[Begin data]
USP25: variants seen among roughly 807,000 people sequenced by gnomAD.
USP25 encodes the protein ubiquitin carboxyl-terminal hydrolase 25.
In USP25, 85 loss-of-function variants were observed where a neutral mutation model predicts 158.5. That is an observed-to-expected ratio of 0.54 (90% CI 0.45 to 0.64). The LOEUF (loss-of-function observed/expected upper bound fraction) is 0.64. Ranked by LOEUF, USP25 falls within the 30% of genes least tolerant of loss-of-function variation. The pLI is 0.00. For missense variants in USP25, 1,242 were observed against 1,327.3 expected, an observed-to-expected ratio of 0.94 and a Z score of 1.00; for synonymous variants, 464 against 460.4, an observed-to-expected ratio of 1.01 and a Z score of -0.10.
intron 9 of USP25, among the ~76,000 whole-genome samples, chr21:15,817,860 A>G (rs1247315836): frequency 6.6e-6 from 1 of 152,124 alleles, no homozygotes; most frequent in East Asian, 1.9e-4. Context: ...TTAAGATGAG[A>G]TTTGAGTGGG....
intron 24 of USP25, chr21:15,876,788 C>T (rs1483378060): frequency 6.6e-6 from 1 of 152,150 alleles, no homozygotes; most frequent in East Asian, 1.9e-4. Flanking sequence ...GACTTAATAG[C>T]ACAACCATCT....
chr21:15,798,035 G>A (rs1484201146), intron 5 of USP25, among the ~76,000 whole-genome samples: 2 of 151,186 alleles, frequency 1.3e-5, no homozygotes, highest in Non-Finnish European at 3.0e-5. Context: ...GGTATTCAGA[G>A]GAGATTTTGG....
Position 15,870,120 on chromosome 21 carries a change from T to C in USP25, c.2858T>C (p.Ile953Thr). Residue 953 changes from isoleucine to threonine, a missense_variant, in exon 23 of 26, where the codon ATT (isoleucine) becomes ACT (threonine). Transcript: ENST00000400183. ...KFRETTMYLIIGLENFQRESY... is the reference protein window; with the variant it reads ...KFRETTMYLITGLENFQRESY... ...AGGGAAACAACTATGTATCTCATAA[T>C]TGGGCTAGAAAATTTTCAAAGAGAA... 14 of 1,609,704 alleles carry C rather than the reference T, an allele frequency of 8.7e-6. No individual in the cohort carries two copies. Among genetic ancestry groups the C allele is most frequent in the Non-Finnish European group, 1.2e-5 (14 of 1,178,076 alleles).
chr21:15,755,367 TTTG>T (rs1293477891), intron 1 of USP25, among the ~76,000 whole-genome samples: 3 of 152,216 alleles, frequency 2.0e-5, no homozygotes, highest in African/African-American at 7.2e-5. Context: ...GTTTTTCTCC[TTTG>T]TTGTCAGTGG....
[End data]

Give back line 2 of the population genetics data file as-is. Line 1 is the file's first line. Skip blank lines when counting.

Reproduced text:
USP25 encodes the protein ubiquitin carboxyl-terminal hydrolase 25.